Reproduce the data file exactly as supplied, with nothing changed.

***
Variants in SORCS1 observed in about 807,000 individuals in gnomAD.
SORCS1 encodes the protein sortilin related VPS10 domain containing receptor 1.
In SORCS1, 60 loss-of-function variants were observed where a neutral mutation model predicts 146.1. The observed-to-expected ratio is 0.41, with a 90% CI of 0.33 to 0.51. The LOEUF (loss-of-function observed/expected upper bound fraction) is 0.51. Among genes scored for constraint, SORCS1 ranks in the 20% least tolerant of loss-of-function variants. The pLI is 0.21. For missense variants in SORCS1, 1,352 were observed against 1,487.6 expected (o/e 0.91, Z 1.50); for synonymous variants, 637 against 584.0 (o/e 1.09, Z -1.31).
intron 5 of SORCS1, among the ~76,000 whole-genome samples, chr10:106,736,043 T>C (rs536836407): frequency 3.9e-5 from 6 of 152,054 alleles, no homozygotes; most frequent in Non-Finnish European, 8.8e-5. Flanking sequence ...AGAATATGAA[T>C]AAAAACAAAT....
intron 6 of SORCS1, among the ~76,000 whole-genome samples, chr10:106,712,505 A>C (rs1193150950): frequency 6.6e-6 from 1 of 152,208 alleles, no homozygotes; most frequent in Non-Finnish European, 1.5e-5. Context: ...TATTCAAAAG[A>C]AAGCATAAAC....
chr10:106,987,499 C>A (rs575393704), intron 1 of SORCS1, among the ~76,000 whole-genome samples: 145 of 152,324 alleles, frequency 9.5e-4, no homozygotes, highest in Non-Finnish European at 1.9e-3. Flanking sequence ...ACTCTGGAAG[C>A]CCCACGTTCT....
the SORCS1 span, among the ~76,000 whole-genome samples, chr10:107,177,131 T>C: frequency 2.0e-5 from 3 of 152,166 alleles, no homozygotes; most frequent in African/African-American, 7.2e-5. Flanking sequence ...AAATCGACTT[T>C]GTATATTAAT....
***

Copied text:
Variants in SORCS1 observed in about 807,000 individuals in gnomAD.
SORCS1 encodes the protein sortilin related VPS10 domain containing receptor 1.
In SORCS1, 60 loss-of-function variants were observed where a neutral mutation model predicts 146.1. The observed-to-expected ratio is 0.41, with a 90% CI of 0.33 to 0.51. The LOEUF (loss-of-function observed/expected upper bound fraction) is 0.51. Among genes scored for constraint, SORCS1 ranks in the 20% least tolerant of loss-of-function variants. The pLI is 0.21. For missense variants in SORCS1, 1,352 were observed against 1,487.6 expected (o/e 0.91, Z 1.50); for synonymous variants, 637 against 584.0 (o/e 1.09, Z -1.31).
intron 5 of SORCS1, among the ~76,000 whole-genome samples, chr10:106,736,043 T>C (rs536836407): frequency 3.9e-5 from 6 of 152,054 alleles, no homozygotes; most frequent in Non-Finnish European, 8.8e-5. Flanking sequence ...AGAATATGAA[T>C]AAAAACAAAT....
intron 6 of SORCS1, among the ~76,000 whole-genome samples, chr10:106,712,505 A>C (rs1193150950): frequency 6.6e-6 from 1 of 152,208 alleles, no homozygotes; most frequent in Non-Finnish European, 1.5e-5. Context: ...TATTCAAAAG[A>C]AAGCATAAAC....
chr10:106,987,499 C>A (rs575393704), intron 1 of SORCS1, among the ~76,000 whole-genome samples: 145 of 152,324 alleles, frequency 9.5e-4, no homozygotes, highest in Non-Finnish European at 1.9e-3. Flanking sequence ...ACTCTGGAAG[C>A]CCCACGTTCT....
the SORCS1 span, among the ~76,000 whole-genome samples, chr10:107,177,131 T>C: frequency 2.0e-5 from 3 of 152,166 alleles, no homozygotes; most frequent in African/African-American, 7.2e-5. Flanking sequence ...AAATCGACTT[T>C]GTATATTAAT....